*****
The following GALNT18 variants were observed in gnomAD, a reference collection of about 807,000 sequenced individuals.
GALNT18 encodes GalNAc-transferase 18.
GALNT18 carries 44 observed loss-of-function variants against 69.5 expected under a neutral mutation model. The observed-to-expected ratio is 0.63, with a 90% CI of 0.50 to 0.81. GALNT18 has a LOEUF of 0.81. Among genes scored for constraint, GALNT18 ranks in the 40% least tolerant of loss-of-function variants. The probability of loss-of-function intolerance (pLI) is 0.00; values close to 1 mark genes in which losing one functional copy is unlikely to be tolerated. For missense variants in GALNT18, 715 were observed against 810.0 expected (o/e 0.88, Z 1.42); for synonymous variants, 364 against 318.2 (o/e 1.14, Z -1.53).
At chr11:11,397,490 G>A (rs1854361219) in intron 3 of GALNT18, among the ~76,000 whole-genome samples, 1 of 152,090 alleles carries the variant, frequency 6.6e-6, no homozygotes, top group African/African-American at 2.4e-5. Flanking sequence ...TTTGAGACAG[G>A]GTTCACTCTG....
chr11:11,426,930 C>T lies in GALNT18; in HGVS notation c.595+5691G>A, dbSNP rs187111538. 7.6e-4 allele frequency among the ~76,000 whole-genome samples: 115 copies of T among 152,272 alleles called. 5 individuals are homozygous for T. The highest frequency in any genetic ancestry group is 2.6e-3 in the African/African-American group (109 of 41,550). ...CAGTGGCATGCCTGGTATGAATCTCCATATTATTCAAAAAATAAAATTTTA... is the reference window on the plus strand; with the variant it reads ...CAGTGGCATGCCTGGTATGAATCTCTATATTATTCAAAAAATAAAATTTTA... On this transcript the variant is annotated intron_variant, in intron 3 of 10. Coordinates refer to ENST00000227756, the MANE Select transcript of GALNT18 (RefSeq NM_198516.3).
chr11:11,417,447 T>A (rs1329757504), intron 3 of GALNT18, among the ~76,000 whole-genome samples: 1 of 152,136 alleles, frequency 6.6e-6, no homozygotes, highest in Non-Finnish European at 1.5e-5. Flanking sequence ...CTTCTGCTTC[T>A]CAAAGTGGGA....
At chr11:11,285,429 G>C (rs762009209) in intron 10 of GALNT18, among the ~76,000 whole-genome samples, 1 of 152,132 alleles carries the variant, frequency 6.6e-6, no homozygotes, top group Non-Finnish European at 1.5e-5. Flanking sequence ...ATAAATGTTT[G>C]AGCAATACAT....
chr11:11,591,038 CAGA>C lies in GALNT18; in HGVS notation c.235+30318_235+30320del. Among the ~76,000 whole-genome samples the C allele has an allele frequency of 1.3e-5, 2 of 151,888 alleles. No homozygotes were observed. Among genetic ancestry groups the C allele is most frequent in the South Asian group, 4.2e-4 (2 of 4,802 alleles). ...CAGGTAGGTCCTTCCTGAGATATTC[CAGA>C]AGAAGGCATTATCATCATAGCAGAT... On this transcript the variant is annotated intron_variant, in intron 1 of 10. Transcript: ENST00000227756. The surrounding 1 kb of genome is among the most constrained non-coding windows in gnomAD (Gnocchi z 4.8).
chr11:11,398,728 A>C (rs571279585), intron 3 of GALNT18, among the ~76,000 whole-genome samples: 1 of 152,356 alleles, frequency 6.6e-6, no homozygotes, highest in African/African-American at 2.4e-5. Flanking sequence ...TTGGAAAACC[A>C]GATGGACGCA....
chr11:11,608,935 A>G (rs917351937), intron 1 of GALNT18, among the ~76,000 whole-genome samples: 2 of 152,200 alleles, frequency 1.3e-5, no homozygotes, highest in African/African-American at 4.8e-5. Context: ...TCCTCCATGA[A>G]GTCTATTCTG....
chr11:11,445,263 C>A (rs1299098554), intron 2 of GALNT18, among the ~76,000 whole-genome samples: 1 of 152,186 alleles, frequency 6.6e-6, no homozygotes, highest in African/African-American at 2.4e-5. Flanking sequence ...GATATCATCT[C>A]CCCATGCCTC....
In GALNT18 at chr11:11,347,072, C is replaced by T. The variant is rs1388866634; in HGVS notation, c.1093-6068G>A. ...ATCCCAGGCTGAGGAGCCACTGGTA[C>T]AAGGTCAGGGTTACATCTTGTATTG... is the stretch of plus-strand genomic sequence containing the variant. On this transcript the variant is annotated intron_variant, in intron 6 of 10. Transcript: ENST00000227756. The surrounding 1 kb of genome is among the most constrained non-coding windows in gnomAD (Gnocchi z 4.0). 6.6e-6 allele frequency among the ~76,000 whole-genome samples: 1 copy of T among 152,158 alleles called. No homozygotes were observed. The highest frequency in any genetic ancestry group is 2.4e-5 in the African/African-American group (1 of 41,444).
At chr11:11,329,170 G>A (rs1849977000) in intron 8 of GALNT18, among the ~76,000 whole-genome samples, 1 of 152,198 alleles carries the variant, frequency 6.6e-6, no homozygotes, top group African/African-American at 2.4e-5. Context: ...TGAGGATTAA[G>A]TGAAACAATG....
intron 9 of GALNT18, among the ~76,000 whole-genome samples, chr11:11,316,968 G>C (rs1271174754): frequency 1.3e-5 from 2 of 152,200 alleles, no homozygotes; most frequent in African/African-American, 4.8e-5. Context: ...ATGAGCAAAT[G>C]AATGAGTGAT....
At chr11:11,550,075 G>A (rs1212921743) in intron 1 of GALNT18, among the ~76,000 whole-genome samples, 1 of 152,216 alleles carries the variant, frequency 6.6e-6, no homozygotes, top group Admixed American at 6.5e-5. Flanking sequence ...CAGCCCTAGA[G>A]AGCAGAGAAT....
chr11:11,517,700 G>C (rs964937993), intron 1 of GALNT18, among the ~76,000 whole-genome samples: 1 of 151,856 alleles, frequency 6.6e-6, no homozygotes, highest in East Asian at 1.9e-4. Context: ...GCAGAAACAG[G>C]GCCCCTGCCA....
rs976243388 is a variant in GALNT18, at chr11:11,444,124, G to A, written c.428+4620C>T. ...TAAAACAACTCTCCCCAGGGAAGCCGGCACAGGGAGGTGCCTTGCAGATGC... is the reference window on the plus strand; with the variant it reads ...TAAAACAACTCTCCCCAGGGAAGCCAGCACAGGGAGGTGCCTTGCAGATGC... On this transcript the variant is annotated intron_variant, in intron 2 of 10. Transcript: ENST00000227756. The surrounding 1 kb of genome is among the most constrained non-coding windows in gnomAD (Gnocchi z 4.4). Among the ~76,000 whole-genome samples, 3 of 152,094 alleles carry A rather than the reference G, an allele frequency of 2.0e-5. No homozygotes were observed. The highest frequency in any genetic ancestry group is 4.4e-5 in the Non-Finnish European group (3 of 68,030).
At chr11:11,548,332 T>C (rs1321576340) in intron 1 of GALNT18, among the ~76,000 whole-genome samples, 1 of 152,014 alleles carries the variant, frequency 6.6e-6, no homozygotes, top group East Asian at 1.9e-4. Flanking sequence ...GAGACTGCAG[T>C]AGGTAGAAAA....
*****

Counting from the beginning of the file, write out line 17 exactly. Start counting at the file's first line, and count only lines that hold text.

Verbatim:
rs976243388 is a variant in GALNT18, at chr11:11,444,124, G to A, written c.428+4620C>T. ...TAAAACAACTCTCCCCAGGGAAGCCGGCACAGGGAGGTGCCTTGCAGATGC... is the reference window on the plus strand; with the variant it reads ...TAAAACAACTCTCCCCAGGGAAGCCAGCACAGGGAGGTGCCTTGCAGATGC... On this transcript the variant is annotated intron_variant, in intron 2 of 10. Transcript: ENST00000227756. The surrounding 1 kb of genome is among the most constrained non-coding windows in gnomAD (Gnocchi z 4.4). Among the ~76,000 whole-genome samples, 3 of 152,094 alleles carry A rather than the reference G, an allele frequency of 2.0e-5. No homozygotes were observed. The highest frequency in any genetic ancestry group is 4.4e-5 in the Non-Finnish European group (3 of 68,030).